In September 2013, the Opensource.com team gathered in-person with our volunteer Community Moderators for a strategy meeting. I have spent a lot of time coordinating travel arrangements and planning logistics for events, so I can say for sure that that experience paid off when planning this meeting. When we got everyone together, face-to-face, we discussed the website, the content, our community, and our plans for growing Opensource.com. We made connections and bonds that have changed the dynamics of our internal team, and thus have improved our greater community. By having everyone together in one room, we strengthened the team, formed valuable, professional relationships, and forged new friendships.

Make it a goal to get your community members together, in-person, at events like user conferences and meetups. I’m excited to have everyone together again for the All Things Open conference coming up in Raleigh, NC. In fact, some of the Opensource.com moderators were accepted as speakers this year and will be sharing their open source expertise and experience at the conference.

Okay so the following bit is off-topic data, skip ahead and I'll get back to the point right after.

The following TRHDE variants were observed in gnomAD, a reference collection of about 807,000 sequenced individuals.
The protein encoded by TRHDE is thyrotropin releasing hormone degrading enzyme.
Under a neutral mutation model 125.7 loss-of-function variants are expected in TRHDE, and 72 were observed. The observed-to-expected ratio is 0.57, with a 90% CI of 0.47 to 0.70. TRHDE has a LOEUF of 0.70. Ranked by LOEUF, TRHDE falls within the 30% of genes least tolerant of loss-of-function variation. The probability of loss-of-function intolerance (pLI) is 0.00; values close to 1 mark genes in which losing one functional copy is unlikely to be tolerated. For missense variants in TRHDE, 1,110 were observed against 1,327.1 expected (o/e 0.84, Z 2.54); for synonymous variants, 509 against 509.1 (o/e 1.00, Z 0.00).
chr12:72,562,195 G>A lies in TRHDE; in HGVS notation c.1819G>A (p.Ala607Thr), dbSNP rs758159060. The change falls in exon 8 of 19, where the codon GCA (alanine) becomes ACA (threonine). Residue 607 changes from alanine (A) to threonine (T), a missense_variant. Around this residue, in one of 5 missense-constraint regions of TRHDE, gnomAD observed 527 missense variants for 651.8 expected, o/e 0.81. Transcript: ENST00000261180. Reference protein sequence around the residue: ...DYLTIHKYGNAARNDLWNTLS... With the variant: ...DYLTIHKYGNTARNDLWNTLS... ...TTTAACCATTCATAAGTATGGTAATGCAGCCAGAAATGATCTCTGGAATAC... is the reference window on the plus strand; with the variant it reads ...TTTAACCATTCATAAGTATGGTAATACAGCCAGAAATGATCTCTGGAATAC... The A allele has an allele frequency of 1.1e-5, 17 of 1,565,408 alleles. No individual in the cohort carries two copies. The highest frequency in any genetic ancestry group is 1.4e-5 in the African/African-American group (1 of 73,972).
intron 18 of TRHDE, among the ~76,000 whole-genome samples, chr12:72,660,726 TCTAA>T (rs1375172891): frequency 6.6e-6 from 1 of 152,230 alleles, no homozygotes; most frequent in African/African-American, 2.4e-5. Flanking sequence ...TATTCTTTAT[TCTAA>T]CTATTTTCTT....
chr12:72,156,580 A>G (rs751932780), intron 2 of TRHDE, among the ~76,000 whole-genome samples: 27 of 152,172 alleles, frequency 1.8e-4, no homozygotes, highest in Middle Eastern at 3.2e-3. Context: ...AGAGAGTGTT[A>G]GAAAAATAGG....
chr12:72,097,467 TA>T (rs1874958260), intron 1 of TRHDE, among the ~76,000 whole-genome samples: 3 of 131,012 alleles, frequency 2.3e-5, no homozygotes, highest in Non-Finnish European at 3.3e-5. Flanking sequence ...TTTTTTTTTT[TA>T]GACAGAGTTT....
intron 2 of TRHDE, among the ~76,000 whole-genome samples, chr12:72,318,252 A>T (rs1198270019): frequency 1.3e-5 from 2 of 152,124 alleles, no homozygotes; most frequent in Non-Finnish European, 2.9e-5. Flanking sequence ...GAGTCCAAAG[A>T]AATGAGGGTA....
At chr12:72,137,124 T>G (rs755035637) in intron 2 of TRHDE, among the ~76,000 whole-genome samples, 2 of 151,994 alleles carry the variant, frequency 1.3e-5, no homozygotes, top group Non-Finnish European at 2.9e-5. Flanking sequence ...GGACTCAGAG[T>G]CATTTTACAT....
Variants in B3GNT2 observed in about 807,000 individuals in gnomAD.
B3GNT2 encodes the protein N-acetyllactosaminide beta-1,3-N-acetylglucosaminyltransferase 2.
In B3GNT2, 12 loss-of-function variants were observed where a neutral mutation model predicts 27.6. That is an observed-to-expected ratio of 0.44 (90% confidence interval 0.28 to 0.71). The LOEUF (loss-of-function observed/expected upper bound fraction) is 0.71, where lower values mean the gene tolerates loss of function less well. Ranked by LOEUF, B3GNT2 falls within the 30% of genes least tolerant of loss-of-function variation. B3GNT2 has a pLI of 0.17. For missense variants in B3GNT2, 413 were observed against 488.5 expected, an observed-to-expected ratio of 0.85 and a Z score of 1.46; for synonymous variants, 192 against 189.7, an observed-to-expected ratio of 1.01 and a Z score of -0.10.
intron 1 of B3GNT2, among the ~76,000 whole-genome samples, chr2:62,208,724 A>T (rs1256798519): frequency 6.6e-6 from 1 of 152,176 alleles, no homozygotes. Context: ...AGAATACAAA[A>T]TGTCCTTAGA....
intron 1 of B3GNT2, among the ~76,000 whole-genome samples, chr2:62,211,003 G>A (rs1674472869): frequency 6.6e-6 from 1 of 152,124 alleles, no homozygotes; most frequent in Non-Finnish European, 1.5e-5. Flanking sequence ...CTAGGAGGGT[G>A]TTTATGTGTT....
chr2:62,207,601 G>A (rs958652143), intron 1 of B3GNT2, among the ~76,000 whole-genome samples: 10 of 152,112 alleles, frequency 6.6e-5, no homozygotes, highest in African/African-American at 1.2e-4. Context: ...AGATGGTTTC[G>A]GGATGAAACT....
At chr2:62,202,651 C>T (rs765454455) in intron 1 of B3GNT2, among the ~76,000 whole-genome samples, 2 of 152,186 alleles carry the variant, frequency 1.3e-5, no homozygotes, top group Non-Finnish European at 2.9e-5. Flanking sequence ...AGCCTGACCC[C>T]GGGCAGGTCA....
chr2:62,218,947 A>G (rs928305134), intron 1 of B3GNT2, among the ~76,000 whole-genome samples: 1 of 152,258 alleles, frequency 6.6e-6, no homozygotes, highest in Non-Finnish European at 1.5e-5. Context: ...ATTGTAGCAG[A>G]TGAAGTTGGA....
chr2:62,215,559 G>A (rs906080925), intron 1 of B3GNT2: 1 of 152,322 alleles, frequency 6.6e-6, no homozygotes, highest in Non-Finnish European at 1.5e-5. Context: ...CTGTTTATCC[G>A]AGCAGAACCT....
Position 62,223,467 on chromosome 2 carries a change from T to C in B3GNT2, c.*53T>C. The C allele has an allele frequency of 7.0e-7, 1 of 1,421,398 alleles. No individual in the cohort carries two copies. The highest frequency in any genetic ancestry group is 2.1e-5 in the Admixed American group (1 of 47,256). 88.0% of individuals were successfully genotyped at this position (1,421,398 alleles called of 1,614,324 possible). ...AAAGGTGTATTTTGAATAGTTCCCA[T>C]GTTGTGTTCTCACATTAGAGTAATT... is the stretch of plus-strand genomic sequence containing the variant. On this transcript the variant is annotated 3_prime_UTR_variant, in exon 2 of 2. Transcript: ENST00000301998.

With some experience under my belt, I’ve tried to capture some of the successes from growing the Opensource.com community. While I’ve detailed some of the specific programs and techniques we’ve used, your mileage may vary. Communities are always evolving. Don’t let a past success become a failure because you weren’t able to pivot with the changing needs of your community.

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1 Comments

mhanwell
Open Source Champion

Very pleased to be one of those new moderators, and very much looking forward to meeting you in person at All Things Open (and speaking there about my passion). This is a great community, and I am very honored to be a part of it. You and your team put a tremendous amount of work into it, and even as an occasional contributor in the beginning I was really impressed with the editors and how much they helped me get articles in shape.

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Jason Hibbets is a project manager in Corporate Marketing at Red Hat where he is the lead administrator, content curator, and community manager for Opensource.com. He has been with Red Hat since 2003 and is the author of, The foundation for an open source city. Prior roles include senior marketing specialist, Red Hat Knowledgebase maintainer, and support engineer. Follow him on Twitter: @jhibbets

Open source project management